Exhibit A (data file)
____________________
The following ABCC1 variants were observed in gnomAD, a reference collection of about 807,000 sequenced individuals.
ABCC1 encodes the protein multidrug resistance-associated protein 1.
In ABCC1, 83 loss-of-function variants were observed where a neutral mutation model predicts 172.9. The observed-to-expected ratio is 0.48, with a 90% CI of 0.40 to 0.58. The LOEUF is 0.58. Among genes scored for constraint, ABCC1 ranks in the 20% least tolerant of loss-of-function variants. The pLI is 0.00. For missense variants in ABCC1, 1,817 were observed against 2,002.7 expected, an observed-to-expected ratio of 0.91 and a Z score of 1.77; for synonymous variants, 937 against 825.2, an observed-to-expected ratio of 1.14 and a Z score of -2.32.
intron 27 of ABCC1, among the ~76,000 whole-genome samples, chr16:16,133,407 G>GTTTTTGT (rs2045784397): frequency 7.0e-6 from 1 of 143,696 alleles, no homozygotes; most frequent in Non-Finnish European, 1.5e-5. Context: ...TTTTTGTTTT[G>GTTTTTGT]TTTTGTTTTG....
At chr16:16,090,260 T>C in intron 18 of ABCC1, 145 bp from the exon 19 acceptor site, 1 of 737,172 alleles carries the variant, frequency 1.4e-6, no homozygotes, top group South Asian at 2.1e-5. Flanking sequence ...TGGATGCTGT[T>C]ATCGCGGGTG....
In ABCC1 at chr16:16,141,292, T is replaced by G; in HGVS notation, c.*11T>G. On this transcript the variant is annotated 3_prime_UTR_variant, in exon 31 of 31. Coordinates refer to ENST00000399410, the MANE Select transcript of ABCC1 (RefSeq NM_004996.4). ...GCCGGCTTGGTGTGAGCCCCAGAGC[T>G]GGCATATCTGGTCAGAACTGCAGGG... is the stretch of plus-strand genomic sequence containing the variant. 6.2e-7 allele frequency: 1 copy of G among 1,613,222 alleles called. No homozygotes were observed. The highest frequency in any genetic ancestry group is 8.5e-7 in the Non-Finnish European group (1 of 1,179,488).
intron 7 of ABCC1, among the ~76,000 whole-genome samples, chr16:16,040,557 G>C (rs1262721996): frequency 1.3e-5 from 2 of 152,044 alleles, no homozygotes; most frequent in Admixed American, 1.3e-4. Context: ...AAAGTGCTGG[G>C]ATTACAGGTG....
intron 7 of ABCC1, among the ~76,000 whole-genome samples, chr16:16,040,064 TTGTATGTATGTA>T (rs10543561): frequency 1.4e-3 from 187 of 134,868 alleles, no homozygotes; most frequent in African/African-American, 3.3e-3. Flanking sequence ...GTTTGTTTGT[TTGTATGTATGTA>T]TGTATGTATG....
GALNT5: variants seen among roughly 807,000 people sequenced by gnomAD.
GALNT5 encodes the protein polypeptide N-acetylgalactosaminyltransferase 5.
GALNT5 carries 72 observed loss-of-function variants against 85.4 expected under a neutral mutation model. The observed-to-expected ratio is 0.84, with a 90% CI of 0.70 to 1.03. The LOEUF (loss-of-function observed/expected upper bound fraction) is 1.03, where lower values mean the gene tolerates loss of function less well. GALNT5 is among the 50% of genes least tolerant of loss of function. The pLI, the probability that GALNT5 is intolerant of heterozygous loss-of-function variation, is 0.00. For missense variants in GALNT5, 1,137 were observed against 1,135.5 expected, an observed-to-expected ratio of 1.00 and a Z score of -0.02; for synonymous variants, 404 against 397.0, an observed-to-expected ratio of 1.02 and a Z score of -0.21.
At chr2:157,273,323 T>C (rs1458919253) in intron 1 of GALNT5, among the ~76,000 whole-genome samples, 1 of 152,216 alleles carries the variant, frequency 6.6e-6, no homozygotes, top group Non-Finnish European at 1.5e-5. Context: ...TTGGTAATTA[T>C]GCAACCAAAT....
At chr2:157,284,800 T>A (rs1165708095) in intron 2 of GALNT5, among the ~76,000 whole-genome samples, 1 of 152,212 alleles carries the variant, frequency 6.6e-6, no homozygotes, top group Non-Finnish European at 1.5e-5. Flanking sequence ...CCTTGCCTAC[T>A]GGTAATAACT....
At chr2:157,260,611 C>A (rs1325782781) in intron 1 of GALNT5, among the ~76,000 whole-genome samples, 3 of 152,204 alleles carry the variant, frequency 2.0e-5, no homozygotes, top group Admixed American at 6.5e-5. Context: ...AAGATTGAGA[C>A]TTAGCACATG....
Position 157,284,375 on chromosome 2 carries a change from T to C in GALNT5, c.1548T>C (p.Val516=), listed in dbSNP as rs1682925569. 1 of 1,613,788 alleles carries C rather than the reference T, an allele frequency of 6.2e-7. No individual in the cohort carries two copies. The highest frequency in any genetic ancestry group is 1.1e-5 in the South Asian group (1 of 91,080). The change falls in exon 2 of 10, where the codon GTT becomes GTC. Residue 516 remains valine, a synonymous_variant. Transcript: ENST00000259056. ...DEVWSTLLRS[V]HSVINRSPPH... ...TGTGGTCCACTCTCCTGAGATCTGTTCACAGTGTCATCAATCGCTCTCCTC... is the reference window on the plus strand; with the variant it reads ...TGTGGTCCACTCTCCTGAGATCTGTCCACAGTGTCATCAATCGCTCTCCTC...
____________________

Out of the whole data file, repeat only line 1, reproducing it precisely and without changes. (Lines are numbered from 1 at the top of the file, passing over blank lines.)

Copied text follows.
The following ABCC1 variants were observed in gnomAD, a reference collection of about 807,000 sequenced individuals.